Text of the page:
Author of three collections published by Doire Press, in 2016 - 2018 Susan's poems have appeared, among elsewhere, in: The Cafe Review, Oregan, USA - Gather In, in a Special Irish Edition; Bosom Pals,Ed Marie Cadden (Doire Press, 2017) an anthology entirely in aid of Breast Cancer Research in the National UniveristyHospital, Galway and When They've Grown Another Me in Poetry Ireland Review, Dec 2018. January 2018 has seen her poems Commended in the Gregory O'Donoghue Poetry Competition.

She has been an invited reader of her poems at local readings in Galway, Cork and Dublin and at festivals, including the Belfast Book Festival, Cuirt International Festival of Literature and Clifden Arts Festival. Her poems have been read on radio.

Susan completed her degree in social science and qualified as a professional social worker in Trinity College, Dublin 1975. She was a psychotherapist, trainer, facilitator and occasional consultant to organisations for over thirty years until her retirement in 2012. Drawing together her writing with her earlier skills she has written interviews and facilitated conversations mediated by poetry. She continues to work on a manuscript relating the story of starting out in poetry and a mid-life move West along with occasional other creative non-fiction pieces.

Her workshop Having a New Conversation: About Dreaming was listed on the The Cuirt International Festival of Literature Programme (2015) and she facilitates similar workshops on a variety of themes, discussed through the medium of poetry, regularly and occasionally in local community settings.

While a founding editor of Skylight 47 Susan interviewed: then Ireland Professor of Poetry, Harry Clifton; Kay Ryan, former US Poet Laureate invited to Ireland by Dromineer Literature Festival and Dani Gill who talks about curating The Cuirt International Literature Festival. Her most recent interview, of Maeve O'Sullivan, appears in The Honest Ulsterman February, 2018.

Saturday, 1 February 2014

I’m not sure about poems against Women Bishops – especially on Brigid’s Day!

Catching my breath after a first year of being involved in producing Skylight 47, I am very impressed – and not a little sorry - to see on his blog that Michael Farry has retired from being Editor of Boyne Berries, having produced 15 Issues. He is succeeded by Orla Fay, also of the Boyne Writers Group. Congratulations Michael.

‘At the AGM the chair person, Paddy Smith, offered a challenge  to the group (BWG) worth keeping in mind, ‘Where are the poems about potholes on our roads or about what it’s like to be a member of the first human settlement on Mars or about the slow pace of funding for the arts in this country? (That latter issue, I’m convinced, is at the core of the recent controversy over Limerick City of Culture.)’ I couldn’t agree more. ‘Where is the material that deals with the taking over of the world by accountants? Or where’s the stuff that’s a lively commentary on RTE television programmes? Or that’s against Women Bishops! Depression and melancholy are not enough in our writing; we must be contrary too!’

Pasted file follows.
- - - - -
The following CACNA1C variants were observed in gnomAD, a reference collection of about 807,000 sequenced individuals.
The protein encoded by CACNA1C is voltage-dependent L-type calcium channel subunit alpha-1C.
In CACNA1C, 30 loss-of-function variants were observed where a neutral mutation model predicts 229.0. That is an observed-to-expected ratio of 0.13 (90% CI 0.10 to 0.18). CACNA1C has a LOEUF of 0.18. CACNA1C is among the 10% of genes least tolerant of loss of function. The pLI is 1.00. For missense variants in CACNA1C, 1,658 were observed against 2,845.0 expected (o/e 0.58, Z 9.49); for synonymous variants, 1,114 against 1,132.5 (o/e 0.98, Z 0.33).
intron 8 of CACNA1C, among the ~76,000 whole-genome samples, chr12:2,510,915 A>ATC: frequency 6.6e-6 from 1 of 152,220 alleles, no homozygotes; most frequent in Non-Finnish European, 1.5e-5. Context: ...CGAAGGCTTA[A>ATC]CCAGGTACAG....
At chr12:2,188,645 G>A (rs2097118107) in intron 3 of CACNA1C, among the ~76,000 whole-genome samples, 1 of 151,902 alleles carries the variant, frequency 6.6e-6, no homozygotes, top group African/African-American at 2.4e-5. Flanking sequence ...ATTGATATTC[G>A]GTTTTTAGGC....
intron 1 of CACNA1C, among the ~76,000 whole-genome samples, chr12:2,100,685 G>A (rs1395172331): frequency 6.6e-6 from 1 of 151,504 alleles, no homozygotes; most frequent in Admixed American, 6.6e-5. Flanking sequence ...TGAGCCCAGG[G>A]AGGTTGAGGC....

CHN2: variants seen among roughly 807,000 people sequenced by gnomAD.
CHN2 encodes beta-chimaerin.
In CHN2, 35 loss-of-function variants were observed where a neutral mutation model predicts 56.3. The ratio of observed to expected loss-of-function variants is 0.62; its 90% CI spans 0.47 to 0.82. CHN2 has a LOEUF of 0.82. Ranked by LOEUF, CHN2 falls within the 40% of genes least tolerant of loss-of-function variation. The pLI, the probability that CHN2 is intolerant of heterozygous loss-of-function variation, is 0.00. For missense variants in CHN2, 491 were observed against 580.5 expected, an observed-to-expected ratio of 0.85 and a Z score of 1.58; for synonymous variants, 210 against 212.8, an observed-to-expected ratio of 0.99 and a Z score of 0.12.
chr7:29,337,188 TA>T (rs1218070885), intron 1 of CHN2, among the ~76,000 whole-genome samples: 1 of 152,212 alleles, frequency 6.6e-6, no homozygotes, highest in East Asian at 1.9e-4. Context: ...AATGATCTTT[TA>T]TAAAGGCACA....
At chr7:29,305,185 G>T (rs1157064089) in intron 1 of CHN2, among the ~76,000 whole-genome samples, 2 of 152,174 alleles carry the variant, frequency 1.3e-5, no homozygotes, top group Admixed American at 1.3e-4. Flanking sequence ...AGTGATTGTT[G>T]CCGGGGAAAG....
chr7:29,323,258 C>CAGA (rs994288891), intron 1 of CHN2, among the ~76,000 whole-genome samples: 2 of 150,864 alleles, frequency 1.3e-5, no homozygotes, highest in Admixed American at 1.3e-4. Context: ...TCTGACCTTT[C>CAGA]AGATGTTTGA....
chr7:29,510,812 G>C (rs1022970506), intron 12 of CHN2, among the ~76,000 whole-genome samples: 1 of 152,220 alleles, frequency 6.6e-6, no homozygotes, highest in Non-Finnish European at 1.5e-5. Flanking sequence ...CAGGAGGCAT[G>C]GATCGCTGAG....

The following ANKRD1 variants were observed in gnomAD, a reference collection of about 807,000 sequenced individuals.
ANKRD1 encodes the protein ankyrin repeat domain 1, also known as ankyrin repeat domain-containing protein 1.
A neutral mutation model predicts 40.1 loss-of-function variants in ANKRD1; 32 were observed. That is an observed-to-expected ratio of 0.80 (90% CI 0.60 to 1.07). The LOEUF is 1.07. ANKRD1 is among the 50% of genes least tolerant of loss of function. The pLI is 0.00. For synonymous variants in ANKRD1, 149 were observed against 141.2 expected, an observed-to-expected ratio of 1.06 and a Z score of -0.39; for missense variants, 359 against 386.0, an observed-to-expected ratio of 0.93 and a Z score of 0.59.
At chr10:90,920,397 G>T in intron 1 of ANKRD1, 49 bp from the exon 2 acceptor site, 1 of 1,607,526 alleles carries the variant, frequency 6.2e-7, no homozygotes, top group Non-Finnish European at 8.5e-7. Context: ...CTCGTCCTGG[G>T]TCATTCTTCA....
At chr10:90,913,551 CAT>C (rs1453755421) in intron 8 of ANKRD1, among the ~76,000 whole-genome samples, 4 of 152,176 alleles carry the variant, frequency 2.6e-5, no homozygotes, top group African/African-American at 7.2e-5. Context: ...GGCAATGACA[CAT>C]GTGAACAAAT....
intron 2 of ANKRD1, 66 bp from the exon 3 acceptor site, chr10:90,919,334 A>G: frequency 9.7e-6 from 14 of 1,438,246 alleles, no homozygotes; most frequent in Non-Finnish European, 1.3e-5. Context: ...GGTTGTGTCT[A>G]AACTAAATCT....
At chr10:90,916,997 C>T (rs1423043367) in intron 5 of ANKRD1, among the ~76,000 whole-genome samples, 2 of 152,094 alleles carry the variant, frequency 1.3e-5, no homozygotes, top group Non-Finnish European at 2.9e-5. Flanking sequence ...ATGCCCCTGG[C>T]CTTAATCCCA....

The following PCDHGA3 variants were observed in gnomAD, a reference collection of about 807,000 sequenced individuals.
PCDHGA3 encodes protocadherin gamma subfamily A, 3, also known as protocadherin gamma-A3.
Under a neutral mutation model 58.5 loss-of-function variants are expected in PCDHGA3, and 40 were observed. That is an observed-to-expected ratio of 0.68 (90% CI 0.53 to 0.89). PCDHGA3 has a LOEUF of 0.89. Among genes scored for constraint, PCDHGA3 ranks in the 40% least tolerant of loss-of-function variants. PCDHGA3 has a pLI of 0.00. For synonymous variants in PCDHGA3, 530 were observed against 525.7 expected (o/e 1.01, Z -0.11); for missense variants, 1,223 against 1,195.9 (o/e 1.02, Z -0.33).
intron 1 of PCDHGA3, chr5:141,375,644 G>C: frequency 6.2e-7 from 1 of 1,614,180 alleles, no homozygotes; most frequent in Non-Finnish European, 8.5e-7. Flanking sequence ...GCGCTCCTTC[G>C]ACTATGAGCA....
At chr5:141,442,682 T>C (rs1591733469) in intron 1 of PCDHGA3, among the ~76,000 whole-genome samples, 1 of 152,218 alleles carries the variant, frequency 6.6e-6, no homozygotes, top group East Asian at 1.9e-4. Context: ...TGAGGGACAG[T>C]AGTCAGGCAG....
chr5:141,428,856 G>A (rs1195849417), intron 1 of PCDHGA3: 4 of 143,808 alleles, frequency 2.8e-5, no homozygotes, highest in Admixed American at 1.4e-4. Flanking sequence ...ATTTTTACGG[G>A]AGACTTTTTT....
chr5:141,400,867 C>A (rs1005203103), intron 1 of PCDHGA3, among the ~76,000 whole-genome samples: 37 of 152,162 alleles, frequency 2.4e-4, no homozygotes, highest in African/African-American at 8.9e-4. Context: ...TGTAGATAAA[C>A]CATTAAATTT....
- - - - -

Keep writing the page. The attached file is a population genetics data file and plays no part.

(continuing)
Boyne Berries has been one of the first ports of call for new writers for all this time. I really appreciated having a poem published, getting to Trim to enjoy the launch of that issue and meeting other contributors and members of the Boyne Writer’s Group, of which Michael Farry is Secretary. The Boyne Berries Writers Group has an annual satire competition too, I see on the website Michael maintains. Kevin Higgins and all those in his Galway workshops who had a recent term or two on taking a satirical perspective, take note!
I met Michael at the workshop Alan Jude Moore held for authors selected for the Poetry Ireland

Introductions Series in 2011. He has been a generous supporter of our venture with Skylight 47, contributing poems and coming to readings and offering us a copy of his book, Asking for Directions (Doghouse, 2012) for Review. It was reviewed by Nicola Griffin who writes, ‘…this is a collection of precise language, never excitable but drenched in images that allow you to see the places and people of these stories, often quirky and sharp.’ She goes on to mention the humour in particular poems.

I wish you everything best in your retirement from being editor, Michael. I hope it means you’ll be able to visit our Galway events soon again. You are a historian as well as a poet. Can we expect a history of Boyne Berries? I’m now expecting a new book, or two – history and poetry, shortly. Hope so.


  1. Thanks Susan for your kind comments and good wishes. I'll actually be reading at Over the Edge in Galway at the end of this month and possibly at the Crannog launch around the same time.
    I should point out that those provocative comments you quoted were made by our Chairperson, Paddy Smith, in his address.

    1. I'm really sorry for misunderstanding that, Michael. I thought I was being suitably controversial in response! Apologies to Paddy Smith, too, I look forward to your Over the Edge Reading. We can maybe expect a poem from you in the next issue of Crannog then.